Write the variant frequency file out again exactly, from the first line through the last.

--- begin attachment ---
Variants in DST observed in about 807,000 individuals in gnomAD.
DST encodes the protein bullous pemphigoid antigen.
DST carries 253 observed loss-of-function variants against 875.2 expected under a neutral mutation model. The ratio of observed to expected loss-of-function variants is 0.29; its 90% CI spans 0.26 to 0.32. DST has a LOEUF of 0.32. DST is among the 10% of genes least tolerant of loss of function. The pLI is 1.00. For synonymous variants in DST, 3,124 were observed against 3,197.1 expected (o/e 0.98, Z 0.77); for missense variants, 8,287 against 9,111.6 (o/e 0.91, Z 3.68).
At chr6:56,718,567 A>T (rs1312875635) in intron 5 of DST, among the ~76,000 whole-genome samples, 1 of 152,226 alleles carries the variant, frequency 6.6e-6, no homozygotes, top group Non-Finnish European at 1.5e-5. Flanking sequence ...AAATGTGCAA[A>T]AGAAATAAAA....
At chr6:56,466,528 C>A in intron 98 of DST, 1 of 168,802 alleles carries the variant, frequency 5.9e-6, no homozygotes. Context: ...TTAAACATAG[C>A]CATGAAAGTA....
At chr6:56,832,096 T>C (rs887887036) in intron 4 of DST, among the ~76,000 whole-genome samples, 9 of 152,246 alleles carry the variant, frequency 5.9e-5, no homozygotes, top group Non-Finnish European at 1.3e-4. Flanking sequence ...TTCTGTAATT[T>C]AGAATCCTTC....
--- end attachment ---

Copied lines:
Variants in DST observed in about 807,000 individuals in gnomAD.
DST encodes the protein bullous pemphigoid antigen.
DST carries 253 observed loss-of-function variants against 875.2 expected under a neutral mutation model. The ratio of observed to expected loss-of-function variants is 0.29; its 90% CI spans 0.26 to 0.32. DST has a LOEUF of 0.32. DST is among the 10% of genes least tolerant of loss of function. The pLI is 1.00. For synonymous variants in DST, 3,124 were observed against 3,197.1 expected (o/e 0.98, Z 0.77); for missense variants, 8,287 against 9,111.6 (o/e 0.91, Z 3.68).
At chr6:56,718,567 A>T (rs1312875635) in intron 5 of DST, among the ~76,000 whole-genome samples, 1 of 152,226 alleles carries the variant, frequency 6.6e-6, no homozygotes, top group Non-Finnish European at 1.5e-5. Flanking sequence ...AAATGTGCAA[A>T]AGAAATAAAA....
At chr6:56,466,528 C>A in intron 98 of DST, 1 of 168,802 alleles carries the variant, frequency 5.9e-6, no homozygotes. Context: ...TTAAACATAG[C>A]CATGAAAGTA....
At chr6:56,832,096 T>C (rs887887036) in intron 4 of DST, among the ~76,000 whole-genome samples, 9 of 152,246 alleles carry the variant, frequency 5.9e-5, no homozygotes, top group Non-Finnish European at 1.3e-4. Flanking sequence ...TTCTGTAATT[T>C]AGAATCCTTC....